ALLYNE & JULIAN BROWN
A long and beautiful chapter in Monroe’s history came to a close on May
31st with the death of Mrs. Julian E. (Allyne Harris) Brown, in Sandy
Springs, Ga. She was five months shy
of her 100th birthday.
The Monroe First United Methodist Church, home to Allyne and Julian until
their deaths, was the scene of her funeral service on June 4th.
The theme for her service was love. Love of family, love of friends, love
of church and love of community. From
the roses atop her casket to the piano and organ music chosen for the service,
the remembrances from family and friends and the eulogy given by Dr. Dane
Waggoner, all bore testimony to the esteem and appreciation Monroe had for
One of the quotes spoken at the service was from Dr. Seuss who said,
“You never know the value of a life until it becomes a memory.”
Memories of Allyne took me back to my very early years in Monroe First
Methodist. In our grade school classes on Sunday mornings, before our lessons
began we started off by singing well-known and beloved hymns which were played
on the piano by this beautifully dressed lady who came into our rooms, played
for our songs and left after the hymns were finished. As we grew older we
learned she was Mrs. Brown, mother of our classmate, Sally.
Allyne’s services were geared toward the children’s area as piano player and
teacher, Julian served with distinction from 1962 to 1964 as Chairman of the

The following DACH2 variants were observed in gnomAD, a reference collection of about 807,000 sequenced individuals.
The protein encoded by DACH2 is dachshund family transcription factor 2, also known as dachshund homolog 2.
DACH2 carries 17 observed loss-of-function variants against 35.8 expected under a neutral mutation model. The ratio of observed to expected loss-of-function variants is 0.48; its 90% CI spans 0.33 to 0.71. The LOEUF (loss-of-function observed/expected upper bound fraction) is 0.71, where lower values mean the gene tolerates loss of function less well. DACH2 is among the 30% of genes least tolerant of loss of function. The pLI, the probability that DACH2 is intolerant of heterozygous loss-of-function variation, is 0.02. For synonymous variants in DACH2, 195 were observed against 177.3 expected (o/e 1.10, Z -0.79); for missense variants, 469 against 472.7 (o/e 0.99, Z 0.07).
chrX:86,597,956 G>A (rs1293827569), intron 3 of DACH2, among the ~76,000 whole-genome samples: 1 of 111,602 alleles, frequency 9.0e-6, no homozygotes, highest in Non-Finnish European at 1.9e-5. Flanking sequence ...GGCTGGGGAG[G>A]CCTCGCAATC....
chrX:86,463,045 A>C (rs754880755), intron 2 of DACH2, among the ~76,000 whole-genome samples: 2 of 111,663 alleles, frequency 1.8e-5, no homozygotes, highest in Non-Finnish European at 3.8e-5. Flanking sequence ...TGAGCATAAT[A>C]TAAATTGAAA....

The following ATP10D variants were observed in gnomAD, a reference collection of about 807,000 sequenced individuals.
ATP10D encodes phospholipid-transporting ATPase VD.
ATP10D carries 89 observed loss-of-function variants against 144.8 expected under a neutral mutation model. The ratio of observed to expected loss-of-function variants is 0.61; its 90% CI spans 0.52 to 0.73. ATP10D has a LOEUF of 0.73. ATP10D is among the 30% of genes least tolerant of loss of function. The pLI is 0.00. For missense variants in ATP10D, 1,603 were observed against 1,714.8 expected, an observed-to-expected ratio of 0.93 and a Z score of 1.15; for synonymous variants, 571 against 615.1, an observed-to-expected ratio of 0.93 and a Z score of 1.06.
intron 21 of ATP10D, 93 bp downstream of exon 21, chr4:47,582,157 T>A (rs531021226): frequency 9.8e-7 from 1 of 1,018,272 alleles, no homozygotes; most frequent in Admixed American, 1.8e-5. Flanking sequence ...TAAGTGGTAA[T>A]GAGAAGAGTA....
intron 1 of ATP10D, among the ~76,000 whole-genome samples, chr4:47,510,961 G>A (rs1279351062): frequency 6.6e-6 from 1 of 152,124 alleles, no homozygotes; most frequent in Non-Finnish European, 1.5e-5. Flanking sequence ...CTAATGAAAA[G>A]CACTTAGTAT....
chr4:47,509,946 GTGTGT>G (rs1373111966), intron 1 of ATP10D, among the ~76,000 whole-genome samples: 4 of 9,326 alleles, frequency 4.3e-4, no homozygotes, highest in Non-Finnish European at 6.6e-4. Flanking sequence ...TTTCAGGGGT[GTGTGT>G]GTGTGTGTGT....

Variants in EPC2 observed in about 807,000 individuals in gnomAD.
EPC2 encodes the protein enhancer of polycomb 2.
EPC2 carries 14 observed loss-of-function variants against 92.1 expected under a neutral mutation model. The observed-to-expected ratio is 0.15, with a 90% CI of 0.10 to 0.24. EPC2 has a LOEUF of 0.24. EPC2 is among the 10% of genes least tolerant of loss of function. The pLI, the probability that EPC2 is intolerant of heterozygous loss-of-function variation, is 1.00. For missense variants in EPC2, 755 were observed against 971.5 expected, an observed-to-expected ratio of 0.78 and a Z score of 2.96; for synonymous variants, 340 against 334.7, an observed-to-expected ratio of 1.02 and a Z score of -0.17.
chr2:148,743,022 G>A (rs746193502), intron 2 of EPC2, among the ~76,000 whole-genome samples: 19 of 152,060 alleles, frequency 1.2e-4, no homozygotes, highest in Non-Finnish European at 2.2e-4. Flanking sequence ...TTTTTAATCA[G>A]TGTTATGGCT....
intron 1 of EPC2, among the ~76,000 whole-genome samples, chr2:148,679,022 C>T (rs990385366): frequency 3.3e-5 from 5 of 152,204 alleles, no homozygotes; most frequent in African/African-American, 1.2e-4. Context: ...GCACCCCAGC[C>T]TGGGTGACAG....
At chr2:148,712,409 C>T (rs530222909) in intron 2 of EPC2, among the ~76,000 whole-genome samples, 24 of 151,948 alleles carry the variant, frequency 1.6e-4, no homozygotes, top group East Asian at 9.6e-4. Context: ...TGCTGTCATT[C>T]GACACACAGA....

Official Board along with holding the responsibility of seeing the church
grounds were always kept in pristine condition.
On any Saturday or early on Sunday morning, it was not unusual to see
Julian out surveying his soil domain, making notes of things which needed
And it was
this same church where Allyne and Julian’s children, Jule, Judy and Sally grew
up. In showing the dedication of
devoted parenting, Allyne took on an active role in her children’s lives as
scout leader for son Jule and both church and social activites for daughters
Judy and Sally. It was a joy for Allyne & Julian to share the fact all three
children were president of the Methodist Youth Fellowship during their high
Allyne and I crossed paths again during
my junior high school years with her teaching me American History in the 8th
grade in the old Monroe High School Building on Bold Springs Avenue. She had a
passion in her teaching which came from her love and enjoyment of reading. She
brought history alive for her students, giving us our first real sense of what
our country stood for and was about.
My last visit with Allyne was at the 50th celebration of the
Monroe Area High School Class of 1964. She
was still as beautiful and elegant as always with that ever present smile on her
face. When I leaned over to speak to
her and reminisce about my time with her in the eighth grade, she let me know
right quick she still remembered me and how difficult it was for her to get me
to appreciate history!
Both Allyne and Julian led such full, interesting lives I did some
research on both and came up with an interesting retrospective.
Allyne was born on October 12, 1916, in Columbus, Georgia to Aubrey and
Nella Richardson Harris. She
graduated from Cordele High School in 1933 and as a 16 year old she entered the
University of Georgia where she met her future husband, Julian Emerson Brown.